symbols on pragmatic considerations that inform the
content by which a truth assignment may occur.

In other words, the only real meaning of "truth" is that
it facilitates the representation of details for the
transformation

uninterpreted syntax -> interpreted syntax

Just yesterday I summarized how I now understand
these matters in a correspondence:

------------------------------------------------------

So, mathematics has reached this curious place where
the meaning of statements is given by semantic truth
conditions based upon an indeterminable ontology presumed
through purported denotation in relation to the descriptive
introduction of names eliminable through representation
within the uninterpreted syntax by means of Goedel
arithmetization.

------------------------------------------------------

But, then, my views are non-standard. I am certain
that everyone else is "actually" speaking about
"actual truth" and that I am simply condemned to
my own "private language".

You think I do not understand how you are trying to
say something that may be relevant. I am trying to
get you to understand that it will be difficult
to succeed if you do not try to figure out what
paradigm of logic you may be trying to apply. Once
things. And, again, I direct you to

http://plato.stanford.edu

as a good resource to try to figure out a different
way of explaining yourself.

Date Subject Author
4/12/13 Alan Smaill
4/12/13 namducnguyen
4/12/13 Frederick Williams
4/12/13 fom
4/13/13 namducnguyen
4/13/13 fom
4/13/13 namducnguyen
4/13/13 fom
4/13/13 namducnguyen
4/13/13 Peter Percival
4/13/13 namducnguyen
4/13/13 Peter Percival
4/13/13 namducnguyen
4/13/13 Peter Percival
4/13/13 namducnguyen
4/13/13 Jesse F. Hughes
4/14/13 namducnguyen
4/14/13 namducnguyen
4/14/13 namducnguyen
4/14/13 Peter Percival
4/14/13 fom
4/14/13 namducnguyen
4/14/13 fom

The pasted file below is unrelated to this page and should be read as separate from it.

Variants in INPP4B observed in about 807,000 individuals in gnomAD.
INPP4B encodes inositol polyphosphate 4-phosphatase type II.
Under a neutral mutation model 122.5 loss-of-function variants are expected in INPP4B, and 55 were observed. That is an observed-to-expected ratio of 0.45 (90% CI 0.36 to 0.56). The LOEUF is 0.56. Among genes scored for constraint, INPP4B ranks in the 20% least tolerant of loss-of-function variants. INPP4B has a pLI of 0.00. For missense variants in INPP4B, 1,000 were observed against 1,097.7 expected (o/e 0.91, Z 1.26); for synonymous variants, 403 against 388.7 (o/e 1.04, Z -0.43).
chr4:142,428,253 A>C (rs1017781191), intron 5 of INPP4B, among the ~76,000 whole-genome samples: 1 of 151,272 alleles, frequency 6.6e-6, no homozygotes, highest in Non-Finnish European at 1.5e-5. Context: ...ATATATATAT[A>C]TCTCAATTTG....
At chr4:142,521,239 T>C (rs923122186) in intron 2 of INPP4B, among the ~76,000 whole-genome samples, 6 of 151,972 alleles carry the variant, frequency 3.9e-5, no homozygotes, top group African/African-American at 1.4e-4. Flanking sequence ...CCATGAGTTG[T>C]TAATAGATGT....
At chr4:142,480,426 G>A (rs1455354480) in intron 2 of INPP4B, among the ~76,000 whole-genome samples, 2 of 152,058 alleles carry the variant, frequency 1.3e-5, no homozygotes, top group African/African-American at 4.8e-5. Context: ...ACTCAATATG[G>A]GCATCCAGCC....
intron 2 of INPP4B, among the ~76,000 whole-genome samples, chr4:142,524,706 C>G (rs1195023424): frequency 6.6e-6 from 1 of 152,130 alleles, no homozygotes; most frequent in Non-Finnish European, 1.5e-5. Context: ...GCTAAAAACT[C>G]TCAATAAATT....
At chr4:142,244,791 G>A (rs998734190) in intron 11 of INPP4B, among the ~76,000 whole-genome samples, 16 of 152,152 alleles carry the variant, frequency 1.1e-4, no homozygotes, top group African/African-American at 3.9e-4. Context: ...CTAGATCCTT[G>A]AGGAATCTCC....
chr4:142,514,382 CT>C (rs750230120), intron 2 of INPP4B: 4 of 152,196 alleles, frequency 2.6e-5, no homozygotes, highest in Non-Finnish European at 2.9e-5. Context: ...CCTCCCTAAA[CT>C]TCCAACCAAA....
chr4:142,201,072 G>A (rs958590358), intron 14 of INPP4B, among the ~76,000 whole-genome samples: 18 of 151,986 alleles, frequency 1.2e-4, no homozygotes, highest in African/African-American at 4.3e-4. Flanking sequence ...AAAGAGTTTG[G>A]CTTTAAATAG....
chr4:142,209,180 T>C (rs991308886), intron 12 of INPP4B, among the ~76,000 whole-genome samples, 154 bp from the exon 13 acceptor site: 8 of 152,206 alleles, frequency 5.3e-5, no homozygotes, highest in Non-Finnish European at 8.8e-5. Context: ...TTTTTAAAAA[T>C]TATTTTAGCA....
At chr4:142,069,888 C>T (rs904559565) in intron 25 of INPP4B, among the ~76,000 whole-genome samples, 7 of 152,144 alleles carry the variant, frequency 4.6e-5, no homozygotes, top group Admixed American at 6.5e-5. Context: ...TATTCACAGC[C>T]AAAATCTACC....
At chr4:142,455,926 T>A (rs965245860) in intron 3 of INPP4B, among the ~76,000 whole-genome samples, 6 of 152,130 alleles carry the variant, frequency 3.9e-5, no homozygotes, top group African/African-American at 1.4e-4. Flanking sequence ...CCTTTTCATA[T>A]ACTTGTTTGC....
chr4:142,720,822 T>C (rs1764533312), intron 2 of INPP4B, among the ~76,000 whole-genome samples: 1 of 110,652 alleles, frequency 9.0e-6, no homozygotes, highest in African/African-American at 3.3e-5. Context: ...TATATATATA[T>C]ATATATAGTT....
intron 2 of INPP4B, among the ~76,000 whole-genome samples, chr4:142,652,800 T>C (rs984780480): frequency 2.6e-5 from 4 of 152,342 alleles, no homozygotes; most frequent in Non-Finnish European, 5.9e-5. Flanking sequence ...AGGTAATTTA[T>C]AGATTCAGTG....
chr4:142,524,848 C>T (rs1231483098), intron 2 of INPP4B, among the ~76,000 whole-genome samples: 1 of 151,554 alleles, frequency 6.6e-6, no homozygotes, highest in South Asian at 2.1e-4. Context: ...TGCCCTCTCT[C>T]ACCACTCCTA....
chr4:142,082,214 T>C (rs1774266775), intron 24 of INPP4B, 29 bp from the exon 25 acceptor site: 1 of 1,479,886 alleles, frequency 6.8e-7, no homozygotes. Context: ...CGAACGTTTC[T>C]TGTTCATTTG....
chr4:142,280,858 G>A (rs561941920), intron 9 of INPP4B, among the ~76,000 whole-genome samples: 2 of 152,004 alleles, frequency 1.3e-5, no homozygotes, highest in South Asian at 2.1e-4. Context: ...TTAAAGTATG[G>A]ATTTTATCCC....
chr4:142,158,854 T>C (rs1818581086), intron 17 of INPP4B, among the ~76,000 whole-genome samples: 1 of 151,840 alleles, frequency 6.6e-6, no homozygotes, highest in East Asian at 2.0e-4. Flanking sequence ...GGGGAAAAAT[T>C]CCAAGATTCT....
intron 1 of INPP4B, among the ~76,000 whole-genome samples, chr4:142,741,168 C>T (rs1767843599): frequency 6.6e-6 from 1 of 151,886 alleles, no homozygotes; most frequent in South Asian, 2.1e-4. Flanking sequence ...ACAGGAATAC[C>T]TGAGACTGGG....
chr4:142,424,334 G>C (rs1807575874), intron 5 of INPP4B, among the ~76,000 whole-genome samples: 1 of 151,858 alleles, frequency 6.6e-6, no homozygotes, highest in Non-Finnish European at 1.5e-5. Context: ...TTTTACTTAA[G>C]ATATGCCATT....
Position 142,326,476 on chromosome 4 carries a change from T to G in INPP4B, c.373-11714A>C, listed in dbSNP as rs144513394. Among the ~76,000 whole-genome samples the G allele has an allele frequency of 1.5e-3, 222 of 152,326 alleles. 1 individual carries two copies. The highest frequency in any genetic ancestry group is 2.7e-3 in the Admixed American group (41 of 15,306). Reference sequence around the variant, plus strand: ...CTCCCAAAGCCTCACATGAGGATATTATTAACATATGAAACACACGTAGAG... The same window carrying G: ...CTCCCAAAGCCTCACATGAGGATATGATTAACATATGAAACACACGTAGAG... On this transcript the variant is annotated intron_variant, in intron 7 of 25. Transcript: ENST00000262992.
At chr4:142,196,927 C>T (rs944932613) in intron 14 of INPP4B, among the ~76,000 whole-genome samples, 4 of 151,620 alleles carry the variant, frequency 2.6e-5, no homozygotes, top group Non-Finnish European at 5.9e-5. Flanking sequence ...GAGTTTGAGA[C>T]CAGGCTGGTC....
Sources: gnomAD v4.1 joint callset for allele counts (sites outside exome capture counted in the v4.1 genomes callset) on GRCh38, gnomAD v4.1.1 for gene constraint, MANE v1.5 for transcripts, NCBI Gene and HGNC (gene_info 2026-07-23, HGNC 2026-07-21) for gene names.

4/14/13 namducnguyen
4/14/13 namducnguyen
4/14/13 fom
4/14/13 namducnguyen
4/14/13 namducnguyen
4/14/13 namducnguyen
4/14/13 Jesse F. Hughes
4/14/13 namducnguyen
4/14/13 Jesse F. Hughes
4/14/13 namducnguyen
4/16/13 namducnguyen
4/16/13 namducnguyen
4/16/13 Jesse F. Hughes
4/16/13 namducnguyen
4/16/13 fom
4/17/13 namducnguyen
4/17/13 fom
4/17/13 namducnguyen
4/17/13 Jesse F. Hughes
4/17/13 Jesse F. Hughes
4/17/13 namducnguyen
4/20/13 namducnguyen
4/17/13 Frederick Williams
4/17/13 Frederick Williams
4/17/13 fom
4/17/13 Frederick Williams
4/17/13 fom
4/17/13 fom
4/18/13 namducnguyen
4/18/13 Frederick Williams
4/18/13 namducnguyen
4/19/13 Frederick Williams
4/19/13 namducnguyen
4/20/13 Frederick Williams
4/19/13 Frederick Williams
4/19/13 namducnguyen
4/20/13 Frederick Williams
4/14/13 Jesse F. Hughes
4/14/13 namducnguyen
4/14/13 namducnguyen
4/14/13 Jesse F. Hughes
4/14/13 namducnguyen
4/14/13 Peter Percival
4/15/13 Peter Percival
4/14/13 namducnguyen
4/14/13 namducnguyen
4/13/13 Frederick Williams
4/13/13 Peter Percival
4/13/13 Peter Percival
4/13/13 namducnguyen
4/15/13 Peter Percival
4/13/13 fom
4/13/13 namducnguyen
4/13/13 Peter Percival
4/13/13 namducnguyen
4/13/13 Frederick Williams
4/14/13 Frederick Williams
4/14/13 namducnguyen
4/13/13 Peter Percival
4/13/13 namducnguyen
4/13/13 namducnguyen